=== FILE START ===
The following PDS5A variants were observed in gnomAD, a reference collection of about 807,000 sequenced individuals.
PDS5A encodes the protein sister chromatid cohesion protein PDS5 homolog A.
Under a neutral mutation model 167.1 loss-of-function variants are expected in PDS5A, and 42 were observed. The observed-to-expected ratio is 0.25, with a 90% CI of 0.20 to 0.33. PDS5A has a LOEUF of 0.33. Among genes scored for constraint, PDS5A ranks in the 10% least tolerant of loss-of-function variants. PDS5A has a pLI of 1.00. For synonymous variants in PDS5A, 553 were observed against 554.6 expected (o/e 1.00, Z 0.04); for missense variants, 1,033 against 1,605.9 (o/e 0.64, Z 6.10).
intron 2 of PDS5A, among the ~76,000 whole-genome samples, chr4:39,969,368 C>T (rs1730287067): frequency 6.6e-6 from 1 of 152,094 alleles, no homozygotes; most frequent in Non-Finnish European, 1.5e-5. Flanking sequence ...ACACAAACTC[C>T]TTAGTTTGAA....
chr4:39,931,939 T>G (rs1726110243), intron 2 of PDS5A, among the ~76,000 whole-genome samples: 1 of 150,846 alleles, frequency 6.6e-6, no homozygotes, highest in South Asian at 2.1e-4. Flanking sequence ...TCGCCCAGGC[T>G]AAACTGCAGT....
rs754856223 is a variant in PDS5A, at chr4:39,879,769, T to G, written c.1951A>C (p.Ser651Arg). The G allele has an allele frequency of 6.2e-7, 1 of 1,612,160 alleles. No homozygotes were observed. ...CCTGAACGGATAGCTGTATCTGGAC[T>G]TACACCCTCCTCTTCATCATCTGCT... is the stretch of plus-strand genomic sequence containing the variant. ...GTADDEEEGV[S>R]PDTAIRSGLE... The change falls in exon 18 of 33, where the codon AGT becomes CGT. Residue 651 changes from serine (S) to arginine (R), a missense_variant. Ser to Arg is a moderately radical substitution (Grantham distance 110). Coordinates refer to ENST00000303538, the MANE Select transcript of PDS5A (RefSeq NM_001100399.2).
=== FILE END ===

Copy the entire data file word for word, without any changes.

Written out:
The following PDS5A variants were observed in gnomAD, a reference collection of about 807,000 sequenced individuals.
PDS5A encodes the protein sister chromatid cohesion protein PDS5 homolog A.
Under a neutral mutation model 167.1 loss-of-function variants are expected in PDS5A, and 42 were observed. The observed-to-expected ratio is 0.25, with a 90% CI of 0.20 to 0.33. PDS5A has a LOEUF of 0.33. Among genes scored for constraint, PDS5A ranks in the 10% least tolerant of loss-of-function variants. PDS5A has a pLI of 1.00. For synonymous variants in PDS5A, 553 were observed against 554.6 expected (o/e 1.00, Z 0.04); for missense variants, 1,033 against 1,605.9 (o/e 0.64, Z 6.10).
intron 2 of PDS5A, among the ~76,000 whole-genome samples, chr4:39,969,368 C>T (rs1730287067): frequency 6.6e-6 from 1 of 152,094 alleles, no homozygotes; most frequent in Non-Finnish European, 1.5e-5. Flanking sequence ...ACACAAACTC[C>T]TTAGTTTGAA....
chr4:39,931,939 T>G (rs1726110243), intron 2 of PDS5A, among the ~76,000 whole-genome samples: 1 of 150,846 alleles, frequency 6.6e-6, no homozygotes, highest in South Asian at 2.1e-4. Flanking sequence ...TCGCCCAGGC[T>G]AAACTGCAGT....
rs754856223 is a variant in PDS5A, at chr4:39,879,769, T to G, written c.1951A>C (p.Ser651Arg). The G allele has an allele frequency of 6.2e-7, 1 of 1,612,160 alleles. No homozygotes were observed. ...CCTGAACGGATAGCTGTATCTGGAC[T>G]TACACCCTCCTCTTCATCATCTGCT... is the stretch of plus-strand genomic sequence containing the variant. ...GTADDEEEGV[S>R]PDTAIRSGLE... The change falls in exon 18 of 33, where the codon AGT becomes CGT. Residue 651 changes from serine (S) to arginine (R), a missense_variant. Ser to Arg is a moderately radical substitution (Grantham distance 110). Coordinates refer to ENST00000303538, the MANE Select transcript of PDS5A (RefSeq NM_001100399.2).